The DZero collaboration at Fermilab has announced the first measurement of the WZ production cross section in proton-antiproton collisions. Events in which both the W and Z boson decay to leptons are used to make this measurement. Such events provide the cleanest signature of WZ events, but constitute only 1.4 percent of all WZ decays. Twelve events with three high transverse momentum charged leptons and missing transverse energy (indicating the presence of an undetected neutrino were found with an expected background of 3.6 +/- 0.2 events. The probability for the background to account for these twelve events is 4.1x10-4 which constitutes 3.3 sigma evidence for WZ pair production. The cross section times branching ratio for this process is the smallest ever measured at a hadron collider. The WZ production cross section is measured to be 4.0 (+1.9 -1.5) pb which is consistent with the Standard Model prediction of 3.6 +/- 0.3 pb. The data for the DZero result were taken from more than 1 inverse femtobarn of total collision data, and a sample of 1.5 billion recorded events.

Above: This analysis was contributed to by James Degenhardt (upper-left), Zhou Bing (upper-right), Andrew Alton (lower-left), and Andrew Askew (lower-right). Below: The successful completion of the recent shutdown work for DZero relied very heavily on the skill and dedication of the DZero mechanical operations team pictured here.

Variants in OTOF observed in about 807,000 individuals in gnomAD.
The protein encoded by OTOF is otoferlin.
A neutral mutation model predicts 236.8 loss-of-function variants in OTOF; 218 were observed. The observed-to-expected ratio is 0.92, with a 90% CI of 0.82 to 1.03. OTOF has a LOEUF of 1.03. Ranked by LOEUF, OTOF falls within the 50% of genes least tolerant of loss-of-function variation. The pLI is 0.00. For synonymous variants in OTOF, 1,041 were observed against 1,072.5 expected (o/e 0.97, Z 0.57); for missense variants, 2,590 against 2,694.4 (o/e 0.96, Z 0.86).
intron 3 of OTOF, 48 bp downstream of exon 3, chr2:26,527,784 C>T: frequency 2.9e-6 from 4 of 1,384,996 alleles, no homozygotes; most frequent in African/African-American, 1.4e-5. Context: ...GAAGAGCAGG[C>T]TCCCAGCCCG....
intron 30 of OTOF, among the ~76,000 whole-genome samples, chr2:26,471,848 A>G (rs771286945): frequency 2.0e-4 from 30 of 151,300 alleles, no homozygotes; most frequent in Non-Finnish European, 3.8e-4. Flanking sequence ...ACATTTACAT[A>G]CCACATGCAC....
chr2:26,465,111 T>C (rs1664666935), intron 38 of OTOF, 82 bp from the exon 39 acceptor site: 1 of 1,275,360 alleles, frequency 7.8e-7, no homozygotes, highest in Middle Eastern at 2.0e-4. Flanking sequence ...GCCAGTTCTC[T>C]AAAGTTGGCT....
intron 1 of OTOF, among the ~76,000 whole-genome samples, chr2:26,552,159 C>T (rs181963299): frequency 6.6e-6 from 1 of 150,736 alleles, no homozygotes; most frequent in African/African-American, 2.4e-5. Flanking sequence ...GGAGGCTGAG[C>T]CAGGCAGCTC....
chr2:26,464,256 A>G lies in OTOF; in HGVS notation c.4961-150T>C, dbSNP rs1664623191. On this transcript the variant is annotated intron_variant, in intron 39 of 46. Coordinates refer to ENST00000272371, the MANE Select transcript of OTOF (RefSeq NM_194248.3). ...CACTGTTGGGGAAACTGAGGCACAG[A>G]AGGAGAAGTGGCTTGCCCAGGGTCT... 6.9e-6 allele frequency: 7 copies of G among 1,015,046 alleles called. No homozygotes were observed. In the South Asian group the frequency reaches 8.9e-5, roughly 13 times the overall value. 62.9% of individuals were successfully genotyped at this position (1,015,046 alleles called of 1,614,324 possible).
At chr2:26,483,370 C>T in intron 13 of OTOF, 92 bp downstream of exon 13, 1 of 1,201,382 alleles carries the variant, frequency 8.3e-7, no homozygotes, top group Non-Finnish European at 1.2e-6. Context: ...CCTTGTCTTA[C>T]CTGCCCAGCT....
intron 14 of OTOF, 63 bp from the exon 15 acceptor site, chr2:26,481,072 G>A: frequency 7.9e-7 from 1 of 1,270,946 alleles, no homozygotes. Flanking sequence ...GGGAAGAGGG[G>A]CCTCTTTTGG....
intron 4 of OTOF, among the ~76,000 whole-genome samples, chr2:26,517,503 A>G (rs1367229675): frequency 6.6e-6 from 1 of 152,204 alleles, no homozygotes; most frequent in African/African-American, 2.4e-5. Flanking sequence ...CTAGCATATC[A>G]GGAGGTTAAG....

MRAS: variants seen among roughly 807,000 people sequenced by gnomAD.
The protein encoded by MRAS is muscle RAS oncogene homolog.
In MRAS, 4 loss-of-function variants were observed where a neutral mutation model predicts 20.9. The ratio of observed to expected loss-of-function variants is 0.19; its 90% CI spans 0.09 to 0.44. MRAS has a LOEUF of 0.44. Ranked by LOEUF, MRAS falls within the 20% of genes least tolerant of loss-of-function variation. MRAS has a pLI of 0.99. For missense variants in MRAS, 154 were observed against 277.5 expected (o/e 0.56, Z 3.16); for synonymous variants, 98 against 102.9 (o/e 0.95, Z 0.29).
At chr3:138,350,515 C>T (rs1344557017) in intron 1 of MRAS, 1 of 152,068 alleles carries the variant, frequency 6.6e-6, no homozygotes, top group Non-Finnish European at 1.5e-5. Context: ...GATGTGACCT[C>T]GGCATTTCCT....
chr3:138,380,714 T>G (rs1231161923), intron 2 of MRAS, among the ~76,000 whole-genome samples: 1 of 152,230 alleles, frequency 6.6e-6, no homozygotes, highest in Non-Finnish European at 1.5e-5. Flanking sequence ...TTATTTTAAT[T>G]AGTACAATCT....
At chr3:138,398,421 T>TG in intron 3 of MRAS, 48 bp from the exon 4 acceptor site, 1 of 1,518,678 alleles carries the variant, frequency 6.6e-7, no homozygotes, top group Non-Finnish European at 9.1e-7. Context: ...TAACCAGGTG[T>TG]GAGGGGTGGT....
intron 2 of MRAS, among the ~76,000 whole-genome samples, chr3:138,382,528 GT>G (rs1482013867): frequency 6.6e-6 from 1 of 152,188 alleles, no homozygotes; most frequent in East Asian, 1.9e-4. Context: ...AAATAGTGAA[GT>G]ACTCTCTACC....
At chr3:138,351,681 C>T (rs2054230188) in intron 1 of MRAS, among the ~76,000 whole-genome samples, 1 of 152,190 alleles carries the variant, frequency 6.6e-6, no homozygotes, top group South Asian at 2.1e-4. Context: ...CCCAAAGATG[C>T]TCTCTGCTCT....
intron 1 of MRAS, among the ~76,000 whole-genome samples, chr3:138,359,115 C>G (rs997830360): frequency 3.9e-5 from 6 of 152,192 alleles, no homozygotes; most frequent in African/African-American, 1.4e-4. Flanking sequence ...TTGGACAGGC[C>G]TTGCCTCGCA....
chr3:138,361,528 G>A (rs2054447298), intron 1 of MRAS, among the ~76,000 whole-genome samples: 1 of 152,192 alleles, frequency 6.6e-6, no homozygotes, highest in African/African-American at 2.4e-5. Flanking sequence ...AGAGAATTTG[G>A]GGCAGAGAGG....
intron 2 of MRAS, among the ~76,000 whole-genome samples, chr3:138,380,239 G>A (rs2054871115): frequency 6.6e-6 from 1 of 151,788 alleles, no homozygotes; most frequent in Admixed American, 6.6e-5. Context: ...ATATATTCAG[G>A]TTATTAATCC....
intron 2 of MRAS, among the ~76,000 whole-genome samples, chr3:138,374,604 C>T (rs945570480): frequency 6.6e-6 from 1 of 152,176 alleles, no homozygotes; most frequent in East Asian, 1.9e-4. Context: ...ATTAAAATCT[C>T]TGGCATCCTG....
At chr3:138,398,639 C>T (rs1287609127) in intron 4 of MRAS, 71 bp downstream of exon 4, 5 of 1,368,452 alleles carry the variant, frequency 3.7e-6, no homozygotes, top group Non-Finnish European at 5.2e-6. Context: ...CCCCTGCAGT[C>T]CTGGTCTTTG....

Result of the Week Archive

Accelerator Update
July 17 - 19
- Booster has BRF17 trouble
- Linac's line voltage sags
- Stash lost
- MI has BPM problems
- LCW temperatures rise
Read the Current Accelerator Update
Read the Early Bird Report
View the Tevatron Luminosity Charts

International Folk Dancing
International Folk Dancing will meet Thursday, July 20, in Ramsey Auditorium in Wilson Hall. Dancing begins at 7:30 p.m. with teaching earlier in the evening and request dancing later on. Newcomers are welcome and you do not need to come with a partner. Info at 630-584-0825 or 630-840-8194 or folkdance@fnal.gov.

East entrance to close July 29
On Saturday, July 29, the Batavia Road east entrance to will close for road seal coating and striping. The entrance will be reopened Sunday morning, July 30, at 6:00 a.m. The bicycle path will remain open during this period.

Upcoming Activities